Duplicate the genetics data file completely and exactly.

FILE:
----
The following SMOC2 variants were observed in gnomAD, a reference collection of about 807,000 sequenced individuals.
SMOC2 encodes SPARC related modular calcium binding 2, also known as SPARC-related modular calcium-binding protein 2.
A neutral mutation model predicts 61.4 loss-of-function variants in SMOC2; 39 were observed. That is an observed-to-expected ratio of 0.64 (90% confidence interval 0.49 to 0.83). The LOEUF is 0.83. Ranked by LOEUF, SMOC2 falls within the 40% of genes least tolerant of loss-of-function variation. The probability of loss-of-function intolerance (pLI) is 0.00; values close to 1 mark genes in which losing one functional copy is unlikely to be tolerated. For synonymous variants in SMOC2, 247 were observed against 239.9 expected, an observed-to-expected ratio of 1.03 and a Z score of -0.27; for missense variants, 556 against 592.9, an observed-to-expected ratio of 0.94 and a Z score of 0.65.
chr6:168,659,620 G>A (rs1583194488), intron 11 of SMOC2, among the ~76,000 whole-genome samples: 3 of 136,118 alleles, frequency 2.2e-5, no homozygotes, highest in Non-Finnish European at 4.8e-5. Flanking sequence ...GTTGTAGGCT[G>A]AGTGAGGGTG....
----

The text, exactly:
The following SMOC2 variants were observed in gnomAD, a reference collection of about 807,000 sequenced individuals.
SMOC2 encodes SPARC related modular calcium binding 2, also known as SPARC-related modular calcium-binding protein 2.
A neutral mutation model predicts 61.4 loss-of-function variants in SMOC2; 39 were observed. That is an observed-to-expected ratio of 0.64 (90% confidence interval 0.49 to 0.83). The LOEUF is 0.83. Ranked by LOEUF, SMOC2 falls within the 40% of genes least tolerant of loss-of-function variation. The probability of loss-of-function intolerance (pLI) is 0.00; values close to 1 mark genes in which losing one functional copy is unlikely to be tolerated. For synonymous variants in SMOC2, 247 were observed against 239.9 expected, an observed-to-expected ratio of 1.03 and a Z score of -0.27; for missense variants, 556 against 592.9, an observed-to-expected ratio of 0.94 and a Z score of 0.65.
chr6:168,659,620 G>A (rs1583194488), intron 11 of SMOC2, among the ~76,000 whole-genome samples: 3 of 136,118 alleles, frequency 2.2e-5, no homozygotes, highest in Non-Finnish European at 4.8e-5. Flanking sequence ...GTTGTAGGCT[G>A]AGTGAGGGTG....